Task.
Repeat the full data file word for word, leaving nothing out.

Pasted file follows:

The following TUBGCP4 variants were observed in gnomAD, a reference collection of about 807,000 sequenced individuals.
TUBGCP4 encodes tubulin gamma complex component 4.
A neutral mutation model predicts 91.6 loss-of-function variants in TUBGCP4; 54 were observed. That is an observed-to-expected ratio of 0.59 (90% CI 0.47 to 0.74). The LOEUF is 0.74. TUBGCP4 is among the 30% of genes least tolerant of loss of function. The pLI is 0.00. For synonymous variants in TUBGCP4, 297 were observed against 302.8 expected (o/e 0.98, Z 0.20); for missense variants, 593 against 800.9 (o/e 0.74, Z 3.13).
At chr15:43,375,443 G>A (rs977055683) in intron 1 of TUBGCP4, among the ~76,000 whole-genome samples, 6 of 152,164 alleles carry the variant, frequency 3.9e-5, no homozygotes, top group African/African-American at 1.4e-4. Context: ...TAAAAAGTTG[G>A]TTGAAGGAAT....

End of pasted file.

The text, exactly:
The following TUBGCP4 variants were observed in gnomAD, a reference collection of about 807,000 sequenced individuals.
TUBGCP4 encodes tubulin gamma complex component 4.
A neutral mutation model predicts 91.6 loss-of-function variants in TUBGCP4; 54 were observed. That is an observed-to-expected ratio of 0.59 (90% CI 0.47 to 0.74). The LOEUF is 0.74. TUBGCP4 is among the 30% of genes least tolerant of loss of function. The pLI is 0.00. For synonymous variants in TUBGCP4, 297 were observed against 302.8 expected (o/e 0.98, Z 0.20); for missense variants, 593 against 800.9 (o/e 0.74, Z 3.13).
At chr15:43,375,443 G>A (rs977055683) in intron 1 of TUBGCP4, among the ~76,000 whole-genome samples, 6 of 152,164 alleles carry the variant, frequency 3.9e-5, no homozygotes, top group African/African-American at 1.4e-4. Context: ...TAAAAAGTTG[G>A]TTGAAGGAAT....